A welding firm has been fined £450,000 plus costs for fatigue management failures that resulted in the deaths of two of its workers.
Renown Consultants Limited was sentenced by HHJ Godsmark at Nottingham Crown Court on 13 May following a prosecution by the Office of Rail and Road.
The sentencing concludes a seven-year long case. Zac Payne, 20, and Michael Morris, 48, died on 19 June 2013 while traveling in a company van back to Doncaster after a night shift in Stevenage in the early hours of the morning and crashed into a parked articulated lorry.
ORR said this marked the first time it has prosecuted for failures of fatigue management.
Ian Prosser, HM Chief Inspector of Railways said: “We welcome the sentence which shows the seriousness with which the court has taken this tragic case and shows the fatal consequences that can occur when fatigue policies are disregarded.
“We hope this has acted as a reminder to companies that fatigue policies should be enforced.”
His Honour Judge Godsmark, passing the sentence virtually, said: “Operations and managers knew what they were supposed to do in relation to fatigue but lip service was paid to these systems. Senior operations cut corners and I found blindness at Doncaster in relation to people driving to and from jobs.”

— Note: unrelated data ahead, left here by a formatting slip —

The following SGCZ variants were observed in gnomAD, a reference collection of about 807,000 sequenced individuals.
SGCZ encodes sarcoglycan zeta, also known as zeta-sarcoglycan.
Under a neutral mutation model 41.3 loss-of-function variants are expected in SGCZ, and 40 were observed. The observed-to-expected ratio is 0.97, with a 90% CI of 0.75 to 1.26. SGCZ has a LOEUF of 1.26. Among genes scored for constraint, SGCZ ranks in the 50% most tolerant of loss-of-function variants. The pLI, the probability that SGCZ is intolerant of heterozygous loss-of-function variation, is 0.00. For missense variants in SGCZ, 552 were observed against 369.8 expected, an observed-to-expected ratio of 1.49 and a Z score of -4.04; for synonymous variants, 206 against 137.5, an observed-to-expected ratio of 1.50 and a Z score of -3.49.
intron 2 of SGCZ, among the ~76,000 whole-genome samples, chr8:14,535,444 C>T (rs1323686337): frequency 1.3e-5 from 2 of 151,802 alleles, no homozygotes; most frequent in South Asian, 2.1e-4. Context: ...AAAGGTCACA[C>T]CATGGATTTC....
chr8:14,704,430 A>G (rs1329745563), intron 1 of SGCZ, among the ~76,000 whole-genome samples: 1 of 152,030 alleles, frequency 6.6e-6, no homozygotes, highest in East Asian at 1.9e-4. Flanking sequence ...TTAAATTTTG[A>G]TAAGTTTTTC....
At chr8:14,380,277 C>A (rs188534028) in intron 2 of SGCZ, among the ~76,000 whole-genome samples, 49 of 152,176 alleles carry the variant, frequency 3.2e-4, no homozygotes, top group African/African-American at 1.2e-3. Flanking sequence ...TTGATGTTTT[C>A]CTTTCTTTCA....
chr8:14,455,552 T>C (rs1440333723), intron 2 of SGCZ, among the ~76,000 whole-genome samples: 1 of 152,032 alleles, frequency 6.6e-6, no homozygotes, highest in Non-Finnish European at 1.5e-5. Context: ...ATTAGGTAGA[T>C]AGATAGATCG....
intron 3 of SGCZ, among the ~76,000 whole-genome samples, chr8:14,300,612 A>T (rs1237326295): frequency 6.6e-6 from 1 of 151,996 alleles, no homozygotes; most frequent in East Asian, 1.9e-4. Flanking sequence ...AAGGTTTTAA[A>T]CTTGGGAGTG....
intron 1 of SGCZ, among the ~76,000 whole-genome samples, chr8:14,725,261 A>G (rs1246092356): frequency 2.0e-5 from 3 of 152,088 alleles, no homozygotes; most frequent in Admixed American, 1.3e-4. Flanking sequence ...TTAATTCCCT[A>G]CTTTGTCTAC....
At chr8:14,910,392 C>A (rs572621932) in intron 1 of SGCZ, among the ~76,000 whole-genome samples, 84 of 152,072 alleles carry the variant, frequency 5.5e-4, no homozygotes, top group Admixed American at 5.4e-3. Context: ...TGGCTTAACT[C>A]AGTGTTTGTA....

Renown was fined with costs of £300,000 for breaching Sections 2 and 3 of the Health and Safety at Work Act 1974 and regulation 3 of the Management of Health and Safety at Work Regulations 1999.
Kevin Bridges, partner at Pinsent Masons law firm, and Fiona Cameron, lawyer, said this marks the first prosecution of its kind by a UK health and safety regulator.
Writing for Pinsent Masons' "out-law" news website, they commented that other cases have been focused on “more obvious operational failures” by defendants.
The lawyers said the case sets a precedent for regulators to prosecute solely on the basis of welfare management issues – such as fatigue, wellbeing and mental health and that regulators will give these greater scrutiny: “This leaves the door open for charges to be laid.”
Pinsent Masons comment here
Renown fine here
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